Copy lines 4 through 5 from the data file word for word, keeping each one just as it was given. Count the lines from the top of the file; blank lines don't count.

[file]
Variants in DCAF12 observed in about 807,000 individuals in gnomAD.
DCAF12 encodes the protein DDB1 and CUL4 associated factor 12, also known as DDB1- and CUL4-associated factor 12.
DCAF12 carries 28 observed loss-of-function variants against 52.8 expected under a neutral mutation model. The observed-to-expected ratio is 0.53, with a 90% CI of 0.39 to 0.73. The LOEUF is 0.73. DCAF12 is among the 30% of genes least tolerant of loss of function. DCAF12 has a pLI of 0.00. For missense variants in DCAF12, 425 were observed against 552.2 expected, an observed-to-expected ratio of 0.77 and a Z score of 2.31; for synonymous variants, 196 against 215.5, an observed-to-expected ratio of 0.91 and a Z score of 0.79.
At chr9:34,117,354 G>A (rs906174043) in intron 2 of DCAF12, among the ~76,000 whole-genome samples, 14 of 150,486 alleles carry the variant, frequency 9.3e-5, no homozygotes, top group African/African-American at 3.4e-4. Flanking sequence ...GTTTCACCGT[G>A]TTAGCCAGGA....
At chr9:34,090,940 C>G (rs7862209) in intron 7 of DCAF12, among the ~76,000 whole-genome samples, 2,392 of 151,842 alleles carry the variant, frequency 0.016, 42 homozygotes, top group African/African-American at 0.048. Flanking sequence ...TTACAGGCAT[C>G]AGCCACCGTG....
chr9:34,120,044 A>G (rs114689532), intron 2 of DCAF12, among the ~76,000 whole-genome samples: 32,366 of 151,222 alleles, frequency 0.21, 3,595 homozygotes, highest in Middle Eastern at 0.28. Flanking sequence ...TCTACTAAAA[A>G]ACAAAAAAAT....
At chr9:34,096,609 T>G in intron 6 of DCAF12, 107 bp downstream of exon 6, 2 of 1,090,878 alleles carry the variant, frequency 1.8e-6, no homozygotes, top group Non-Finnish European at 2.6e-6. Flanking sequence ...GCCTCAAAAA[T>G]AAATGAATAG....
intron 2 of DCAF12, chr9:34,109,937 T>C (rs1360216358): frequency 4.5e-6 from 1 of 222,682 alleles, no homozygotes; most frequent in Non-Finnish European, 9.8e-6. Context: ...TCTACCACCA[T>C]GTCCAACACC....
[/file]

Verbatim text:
At chr9:34,117,354 G>A (rs906174043) in intron 2 of DCAF12, among the ~76,000 whole-genome samples, 14 of 150,486 alleles carry the variant, frequency 9.3e-5, no homozygotes, top group African/African-American at 3.4e-4. Flanking sequence ...GTTTCACCGT[G>A]TTAGCCAGGA....
At chr9:34,090,940 C>G (rs7862209) in intron 7 of DCAF12, among the ~76,000 whole-genome samples, 2,392 of 151,842 alleles carry the variant, frequency 0.016, 42 homozygotes, top group African/African-American at 0.048. Flanking sequence ...TTACAGGCAT[C>G]AGCCACCGTG....